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Sparkler v. Home Solutions, LLC

United States District Court, Third Circuit

December 6, 2013





Plaintiff, Carla B. Sparkler, filed this employment-discrimination suit against defendant, Home Infusion Solutions, LLC d/b/a Home Solutions Inc. (“Home Solutions”). Plaintiff’s claims arise from defendant’s termination of plaintiff’s employment after she sought treatment for alcoholism. Specifically, plaintiff alleges that defendant discriminated and retaliated against her on the basis of her disability and wrongfully withheld her annual commission for 2011. Presently before the Court is defendant’s Motion to Transfer Venue to the District of New Jersey pursuant to 28 U.S.C. § 1404. For the reasons stated below, the Court denies defendant’s Motion.


Defendant is a Delaware corporation with a principal place of business in Northfield, New Jersey. Decl. of Paul Sorensen ¶¶ 3-4 (Document No. 12-2) [hereinafter Sorensen Decl.]. Defendant regularly does business in the Commonwealth of Pennsylvania and maintains an office in Horsham, Pennsylvania. Am. Compl. ¶¶ 3-4 (Document No. 14).

Pursuant to an employment contract dated September 14, 2006, defendant hired plaintiff as its Vice President of Managed Care. Decl. of Laura Scully, Esq. Ex. B at 1 (Document No. 12-5) [hereinafter Emp’t Agmt.]. Plaintiff was an executive-level employee. Sorensen Decl. ¶ 3. As such, she was a member of defendant’s New Jersey-based Home Solutions’s Executive Group, along with Tim Timbrook — defendant’s owner and Chief Executive Officer — and Paul Sorensen — defendant’s Chief Financial Officer. Id. ¶¶ 3-4. Timbrook directly supervised plaintiff from the inception of her employment until August 2011, during which time Timbrook allowed plaintiff to work from her Pennsylvania home office. See Am. Compl. ¶ 28; Sorensen Decl. ¶ 6; Decl. of Carla B. Sparkler ¶ 6 (Document No. 13-2) [hereinafter Sparkler Decl.]. Plaintiff alleges that under Timbrook’s supervision, she “consistently received positive annual performance evaluations and met or exceeded her targets.” Am. Compl. ¶ 31.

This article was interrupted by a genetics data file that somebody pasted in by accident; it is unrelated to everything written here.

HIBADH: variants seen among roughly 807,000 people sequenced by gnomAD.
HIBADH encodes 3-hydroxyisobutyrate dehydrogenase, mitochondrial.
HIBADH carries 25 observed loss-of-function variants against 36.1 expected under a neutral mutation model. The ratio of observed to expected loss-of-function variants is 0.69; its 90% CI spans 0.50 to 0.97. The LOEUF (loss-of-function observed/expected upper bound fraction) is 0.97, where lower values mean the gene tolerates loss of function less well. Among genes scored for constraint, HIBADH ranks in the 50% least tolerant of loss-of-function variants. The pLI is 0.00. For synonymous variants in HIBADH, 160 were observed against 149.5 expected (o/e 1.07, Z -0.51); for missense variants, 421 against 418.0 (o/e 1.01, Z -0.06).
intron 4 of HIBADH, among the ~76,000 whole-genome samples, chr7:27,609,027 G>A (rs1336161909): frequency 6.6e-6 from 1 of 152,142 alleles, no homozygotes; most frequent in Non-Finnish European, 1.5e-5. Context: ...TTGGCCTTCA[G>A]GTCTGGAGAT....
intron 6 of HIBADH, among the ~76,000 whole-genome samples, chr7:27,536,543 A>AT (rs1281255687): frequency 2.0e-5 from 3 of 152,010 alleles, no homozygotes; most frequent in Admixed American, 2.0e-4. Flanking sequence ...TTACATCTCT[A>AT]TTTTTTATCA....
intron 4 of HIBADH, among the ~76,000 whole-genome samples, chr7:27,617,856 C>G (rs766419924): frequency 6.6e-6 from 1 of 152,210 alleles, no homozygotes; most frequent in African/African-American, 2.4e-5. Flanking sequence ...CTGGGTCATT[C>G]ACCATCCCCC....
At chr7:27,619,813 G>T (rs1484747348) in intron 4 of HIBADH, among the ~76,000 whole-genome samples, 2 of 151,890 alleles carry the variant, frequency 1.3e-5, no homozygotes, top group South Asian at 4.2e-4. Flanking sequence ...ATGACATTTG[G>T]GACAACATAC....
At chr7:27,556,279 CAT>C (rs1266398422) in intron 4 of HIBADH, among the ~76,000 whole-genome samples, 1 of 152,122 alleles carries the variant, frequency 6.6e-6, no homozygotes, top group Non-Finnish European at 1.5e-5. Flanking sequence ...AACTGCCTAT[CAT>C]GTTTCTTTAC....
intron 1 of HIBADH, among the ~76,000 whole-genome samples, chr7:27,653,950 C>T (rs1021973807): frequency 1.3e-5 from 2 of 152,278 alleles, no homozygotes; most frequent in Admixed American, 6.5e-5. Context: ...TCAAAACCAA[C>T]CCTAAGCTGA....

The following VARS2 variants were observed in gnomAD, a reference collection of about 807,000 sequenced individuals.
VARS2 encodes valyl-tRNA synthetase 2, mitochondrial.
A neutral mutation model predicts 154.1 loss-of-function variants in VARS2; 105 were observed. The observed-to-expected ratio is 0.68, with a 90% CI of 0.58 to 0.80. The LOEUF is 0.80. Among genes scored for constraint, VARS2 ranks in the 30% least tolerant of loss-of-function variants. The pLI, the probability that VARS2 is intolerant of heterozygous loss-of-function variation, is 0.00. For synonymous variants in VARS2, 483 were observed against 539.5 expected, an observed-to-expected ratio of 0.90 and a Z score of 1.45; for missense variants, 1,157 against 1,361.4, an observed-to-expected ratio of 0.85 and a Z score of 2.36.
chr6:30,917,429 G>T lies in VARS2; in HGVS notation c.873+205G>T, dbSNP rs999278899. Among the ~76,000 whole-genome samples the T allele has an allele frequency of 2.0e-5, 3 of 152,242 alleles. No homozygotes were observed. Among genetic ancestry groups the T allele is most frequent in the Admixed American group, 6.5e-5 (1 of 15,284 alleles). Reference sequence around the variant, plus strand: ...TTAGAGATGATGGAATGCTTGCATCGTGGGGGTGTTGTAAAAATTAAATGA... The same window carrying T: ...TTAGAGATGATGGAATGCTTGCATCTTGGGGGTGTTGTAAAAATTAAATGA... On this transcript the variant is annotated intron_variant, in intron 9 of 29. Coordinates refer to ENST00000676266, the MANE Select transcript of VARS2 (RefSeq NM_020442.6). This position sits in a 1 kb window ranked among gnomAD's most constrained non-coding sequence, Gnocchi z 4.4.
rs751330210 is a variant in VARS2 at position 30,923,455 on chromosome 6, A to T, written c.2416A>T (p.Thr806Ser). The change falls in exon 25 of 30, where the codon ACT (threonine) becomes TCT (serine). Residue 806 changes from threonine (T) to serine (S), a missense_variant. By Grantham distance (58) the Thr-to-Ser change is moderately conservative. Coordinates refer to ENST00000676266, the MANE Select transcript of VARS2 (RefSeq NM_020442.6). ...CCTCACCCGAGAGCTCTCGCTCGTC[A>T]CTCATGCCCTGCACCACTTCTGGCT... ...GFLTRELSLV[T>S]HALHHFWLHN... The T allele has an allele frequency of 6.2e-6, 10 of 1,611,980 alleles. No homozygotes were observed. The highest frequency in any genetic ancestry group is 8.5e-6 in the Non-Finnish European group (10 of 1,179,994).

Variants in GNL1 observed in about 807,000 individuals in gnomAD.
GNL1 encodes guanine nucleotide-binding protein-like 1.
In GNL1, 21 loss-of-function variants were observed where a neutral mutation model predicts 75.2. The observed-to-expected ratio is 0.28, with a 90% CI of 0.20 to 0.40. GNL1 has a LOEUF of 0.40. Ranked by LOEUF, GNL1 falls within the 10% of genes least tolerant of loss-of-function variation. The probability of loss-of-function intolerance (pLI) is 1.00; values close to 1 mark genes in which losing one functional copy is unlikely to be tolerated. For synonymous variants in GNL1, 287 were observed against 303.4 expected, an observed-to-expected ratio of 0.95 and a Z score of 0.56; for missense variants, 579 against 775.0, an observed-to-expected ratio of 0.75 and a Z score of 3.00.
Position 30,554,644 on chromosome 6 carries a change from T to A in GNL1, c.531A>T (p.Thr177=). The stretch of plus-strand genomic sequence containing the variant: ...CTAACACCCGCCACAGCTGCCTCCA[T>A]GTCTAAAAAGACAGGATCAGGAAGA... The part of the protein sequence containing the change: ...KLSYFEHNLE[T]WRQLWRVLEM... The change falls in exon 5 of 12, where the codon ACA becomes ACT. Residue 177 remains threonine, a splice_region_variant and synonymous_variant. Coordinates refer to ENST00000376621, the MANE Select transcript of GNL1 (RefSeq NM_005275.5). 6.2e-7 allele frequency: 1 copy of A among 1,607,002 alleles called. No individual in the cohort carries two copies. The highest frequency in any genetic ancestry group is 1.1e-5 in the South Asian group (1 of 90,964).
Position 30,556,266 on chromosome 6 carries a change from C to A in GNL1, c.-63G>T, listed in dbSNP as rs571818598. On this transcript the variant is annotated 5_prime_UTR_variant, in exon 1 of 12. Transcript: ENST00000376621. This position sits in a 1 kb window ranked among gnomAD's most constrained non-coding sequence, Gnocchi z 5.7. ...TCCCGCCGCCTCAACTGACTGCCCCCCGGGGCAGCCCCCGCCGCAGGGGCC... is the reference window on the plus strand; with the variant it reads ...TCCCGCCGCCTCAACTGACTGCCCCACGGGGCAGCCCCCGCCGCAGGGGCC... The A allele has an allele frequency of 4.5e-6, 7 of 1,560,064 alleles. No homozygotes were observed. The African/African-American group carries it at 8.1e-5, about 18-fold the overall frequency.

In August 2011, plaintiff began reporting directly to Sorensen. Id. ¶ 29. As plaintiff’s new direct supervisor, Sorensen assigned plaintiff the additional responsibility of assisting defendant’s New Jersey billing department with its collection, authorization, and billing processes, starting in September 2011. Am. Compl. ¶ 6; Sorensen Decl. ¶ 6; Sparkler ¶ 7. Plaintiff thereafter worked from a conference room in the New Jersey office during normal business hours.[1]Sparkler Decl. ¶ 8. Plaintiff asserts that she “received the highest rating possible in several categories” on her October 2011 performance evaluation. Am. Compl. ¶ 31.

On December 16, 2011, plaintiff advised Sorensen that she would have to take a leave of absence between Christmas and New Year. Id. ¶ 32. On December 25, 2011, plaintiff checked herself into to a Pennsylvania inpatient facility for alcoholism treatment. Id. ¶ 34. While a patient in the Pennsylvania medical facility, plaintiff spoke with defendant’s Human Resource Director, Desiree Polumbo, on January 3, 2013 and requested that she be granted FMLA leave. Id. ¶ 36. On January 4, 2012, plaintiff’s treatment facility faxed medical verification of her treatment to defendant, as requested by Polumbo, and plaintiff informed Sorensen by telephone of her condition, treatment, and expected length of absence. Id. ¶¶ 37-39. On January 5, 2012, defendant notified plaintiff that her employment was terminated, effectively immediately, because of “her alleged failure to perform her duties in connection with the negotiations concerning a certain provider contract amendment.” Id. ¶¶ 40-41.

Plaintiff alleges that defendant’s stated reason for her termination was pretextual and that defendant discriminated and retaliated against her on the basis of her disability in violation of the Americans with Disabilities Act, 42 U.S.C. § 12101 et seq., the Family Medical Leave Act, 29 U.S.C. § 2601 et seq., the Pennsylvania Human Relations Act (PHRA), 43 P.S. § 951 et seq., and the New Jersey Law Against Discrimination (NJLAD), N.J.S.A. 10:5-1 et seq. Plaintiff also alleges breach of contract and violations of the Pennsylvania Wage Payment and Collection Law (PWPC), 43 P.S. 260.1 et seq. on the ground that defendant wrongly withheld plaintiff’s annual commission for 2011.


Defendant seeks to transfer this case to the District of New Jersey pursuant to 28 U.S.C. § 1404(a). Section 1404(a) permits transfers of venue, stating that “[f]or the convenience of parties and witnesses, in the interest of justice, a district court may transfer any civil action to any other district or division where it might have been brought.” Id. Once a court determines that venue would be proper in another district, the court must “consider all relevant factors to determine whether on balance the litigation would more conveniently proceed and the interests of justice be better served by transfer to a different forum.” Jumara v. State Farm Ins. Co., 55 F.3d 873, 879 (3d Cir. 1995) (quoting 15 Wright, Miller & Cooper, Federal Practice and Procedure § 3847 (2d ed. 1986)).